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The Dynorphin Connection
In 1982, Ruda was able to demonstrate that the endogenous, or internally produced, opioid enkephalin made direct synaptic contact with the spinal cord neurons projecting to the thalamus , implying that these projection pathways were a major site of this peptide's modulation of sensory input about pain. [A peptide is a specific type of amino acid.] Another neuropeptide of particular interest was dynorphin, a substance which normally "lies low" in the system, but becomes highly active in response to noxious stimuli. Although conspicuously absent from the nerves in the skin, this peptide is widely distributed in the brain and spinal cord. Ruda's studies showed that dynorphin synapsed directly onto the thalamic projection neurons, and was also active within the complex network of interneurons.
Michael Iadarola had begun working on the molecular biology of neuropeptides in Erminio Costa's lab at NIMH in the early 1980s. He had measured dynorphin in the spinal cord by labelling and tracing its antibodies. He had also developed a method to clone predynorphin, the precursor protein which forms first in the genetic sequence that expresses dynorphin. But he needed a biological system that would allow him to look at real time changes in levels of the peptide. In the literature, he discovered an inflammation model used in the hind limbs of rats and realized that he could use the opposite, unaffected, limb as a control. Using this assay, he found that the painful synaptic input triggered a genetic regulatory sequence, called the enhancosome , that activated the transcription of the precursor protein and thus of dynorphin itself.
The enhancosome: twin phosphorylation and dephosphorylation reactions of promoter genes CREB and TATA regulate the transcription of dynorphin. Illustration courtesy of Michael Iadarola.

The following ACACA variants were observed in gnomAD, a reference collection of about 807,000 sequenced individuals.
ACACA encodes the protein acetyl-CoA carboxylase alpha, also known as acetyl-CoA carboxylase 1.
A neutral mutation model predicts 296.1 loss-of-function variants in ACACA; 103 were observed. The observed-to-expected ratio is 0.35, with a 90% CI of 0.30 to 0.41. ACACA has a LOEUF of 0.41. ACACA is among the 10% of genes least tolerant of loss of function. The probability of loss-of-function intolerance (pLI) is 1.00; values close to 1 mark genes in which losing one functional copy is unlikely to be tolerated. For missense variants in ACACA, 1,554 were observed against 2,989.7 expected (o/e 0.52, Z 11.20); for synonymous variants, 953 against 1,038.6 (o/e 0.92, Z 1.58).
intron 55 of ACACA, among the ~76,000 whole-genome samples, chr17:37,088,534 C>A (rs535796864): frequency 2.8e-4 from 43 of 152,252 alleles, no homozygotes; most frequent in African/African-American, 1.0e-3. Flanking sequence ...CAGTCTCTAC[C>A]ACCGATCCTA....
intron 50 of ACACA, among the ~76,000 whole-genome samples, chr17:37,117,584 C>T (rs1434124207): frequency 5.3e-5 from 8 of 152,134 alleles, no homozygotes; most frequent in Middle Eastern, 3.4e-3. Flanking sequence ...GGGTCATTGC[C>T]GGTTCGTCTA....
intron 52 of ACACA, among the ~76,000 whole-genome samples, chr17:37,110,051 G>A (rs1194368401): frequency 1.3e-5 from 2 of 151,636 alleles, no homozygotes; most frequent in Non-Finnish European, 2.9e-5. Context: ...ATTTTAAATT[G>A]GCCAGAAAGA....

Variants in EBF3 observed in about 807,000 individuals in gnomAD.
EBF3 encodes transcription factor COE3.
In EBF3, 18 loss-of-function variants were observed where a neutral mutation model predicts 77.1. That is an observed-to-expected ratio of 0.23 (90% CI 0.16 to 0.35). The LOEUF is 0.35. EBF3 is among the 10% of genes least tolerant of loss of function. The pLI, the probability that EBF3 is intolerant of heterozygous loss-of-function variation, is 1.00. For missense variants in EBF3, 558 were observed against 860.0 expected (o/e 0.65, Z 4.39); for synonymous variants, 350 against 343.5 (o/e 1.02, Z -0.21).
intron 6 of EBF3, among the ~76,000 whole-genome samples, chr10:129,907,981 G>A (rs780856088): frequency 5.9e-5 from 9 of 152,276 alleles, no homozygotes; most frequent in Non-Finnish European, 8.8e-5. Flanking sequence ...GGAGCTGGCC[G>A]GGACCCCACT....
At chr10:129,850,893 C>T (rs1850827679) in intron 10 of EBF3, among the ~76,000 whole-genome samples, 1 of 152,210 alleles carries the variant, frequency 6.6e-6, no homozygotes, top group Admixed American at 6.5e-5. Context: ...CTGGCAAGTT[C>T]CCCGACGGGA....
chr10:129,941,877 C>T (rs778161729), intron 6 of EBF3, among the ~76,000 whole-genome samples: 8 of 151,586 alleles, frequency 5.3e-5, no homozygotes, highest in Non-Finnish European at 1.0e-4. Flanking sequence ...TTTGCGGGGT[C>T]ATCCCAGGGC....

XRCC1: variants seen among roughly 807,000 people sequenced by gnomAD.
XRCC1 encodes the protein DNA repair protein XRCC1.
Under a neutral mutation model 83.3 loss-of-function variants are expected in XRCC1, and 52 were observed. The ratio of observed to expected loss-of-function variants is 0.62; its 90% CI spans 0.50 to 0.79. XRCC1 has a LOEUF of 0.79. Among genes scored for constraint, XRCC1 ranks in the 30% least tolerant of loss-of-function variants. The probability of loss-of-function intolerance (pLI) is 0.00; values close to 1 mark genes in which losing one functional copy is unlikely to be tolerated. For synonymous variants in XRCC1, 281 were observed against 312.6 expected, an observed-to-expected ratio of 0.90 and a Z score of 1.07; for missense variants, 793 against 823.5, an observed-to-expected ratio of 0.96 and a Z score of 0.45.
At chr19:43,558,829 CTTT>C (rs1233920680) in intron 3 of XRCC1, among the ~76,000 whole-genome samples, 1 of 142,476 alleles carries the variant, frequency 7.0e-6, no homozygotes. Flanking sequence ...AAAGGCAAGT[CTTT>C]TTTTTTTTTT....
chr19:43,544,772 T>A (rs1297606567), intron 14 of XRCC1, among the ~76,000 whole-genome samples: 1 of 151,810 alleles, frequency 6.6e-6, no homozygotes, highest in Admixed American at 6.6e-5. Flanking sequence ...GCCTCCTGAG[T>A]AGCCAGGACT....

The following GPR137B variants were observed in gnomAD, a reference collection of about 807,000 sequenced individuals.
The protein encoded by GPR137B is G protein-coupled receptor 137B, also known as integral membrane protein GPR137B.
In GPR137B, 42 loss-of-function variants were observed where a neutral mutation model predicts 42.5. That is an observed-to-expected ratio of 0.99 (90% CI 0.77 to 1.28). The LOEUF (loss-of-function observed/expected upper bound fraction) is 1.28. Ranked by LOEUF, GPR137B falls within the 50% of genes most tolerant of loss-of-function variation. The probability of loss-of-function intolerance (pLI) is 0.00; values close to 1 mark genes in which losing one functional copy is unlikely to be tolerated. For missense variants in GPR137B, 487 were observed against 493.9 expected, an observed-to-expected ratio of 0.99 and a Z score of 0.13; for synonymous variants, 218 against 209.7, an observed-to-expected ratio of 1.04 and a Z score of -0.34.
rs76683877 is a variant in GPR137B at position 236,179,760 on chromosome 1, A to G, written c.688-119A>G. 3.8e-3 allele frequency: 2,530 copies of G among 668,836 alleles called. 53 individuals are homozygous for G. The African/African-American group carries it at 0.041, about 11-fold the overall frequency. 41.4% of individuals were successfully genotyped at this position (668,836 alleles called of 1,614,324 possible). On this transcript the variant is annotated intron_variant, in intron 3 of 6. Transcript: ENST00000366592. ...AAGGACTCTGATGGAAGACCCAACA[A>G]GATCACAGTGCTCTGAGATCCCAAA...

In 1986, Iadarola was invited to give a seminar at the NAB; Dubner and his colleagues decided that his genetic research would be an excellent complement to the existing research. Two years later, Iadarola and Ruda collaborated on an important paper in Proceedings of the National Academy of Sciences . They documented the increased biosynthesis of dynorphin - first the messenger RNA of predynorphin and then of dynorphin itself - in the spinal cord of the rat, in response to brief inflammation of the hind leg.
“The dynorphin connection weaves everything together in our work.”14
-Mike Iadarola on dynorphin
This impressive evidence of dynorphin activity in response to inflammation led the researchers to hypothesize that this peptide, like enkephalin, might be one of the body's endogenous analgesics. If dynorphin was administered to a normal animal, however, it proved to have an algesic effect; the animal became more sensitive to heat and touch stimuli. An extended series of studies by Robert Caudle while he was a research fellow at NIDR, have shown that dynorphin plays at least two roles in the nervous system's response to pain: inhibiting pain signals in acute injury, but having an excitatory, intensifying, effect on neural transmission in persistent, chronic pain.
Dynorphin synthesis in rat spinal cord cells receiving input from the inflamed hindlimb v. spinal cord cells receiving input from contralateral limb. From M. A. Ruda, M. J. Iadarola, L. V. Cohen, and W. S. Young III, In situ hybridization histochemistry and immunocytochemistry reveal an increase in spinal dynorphin biosynthesis in a rat model of peripheral inflammation and hyperalgesia. Proceedings of the National Academy of Sciences v. 85 (1988): 623.
14 Oral history interview with Michael Iadarola, 1999. Tapes and transcript to be deposited in the NIH History Office and the John C. Liebeskind History of Pain Collection, UCLA.
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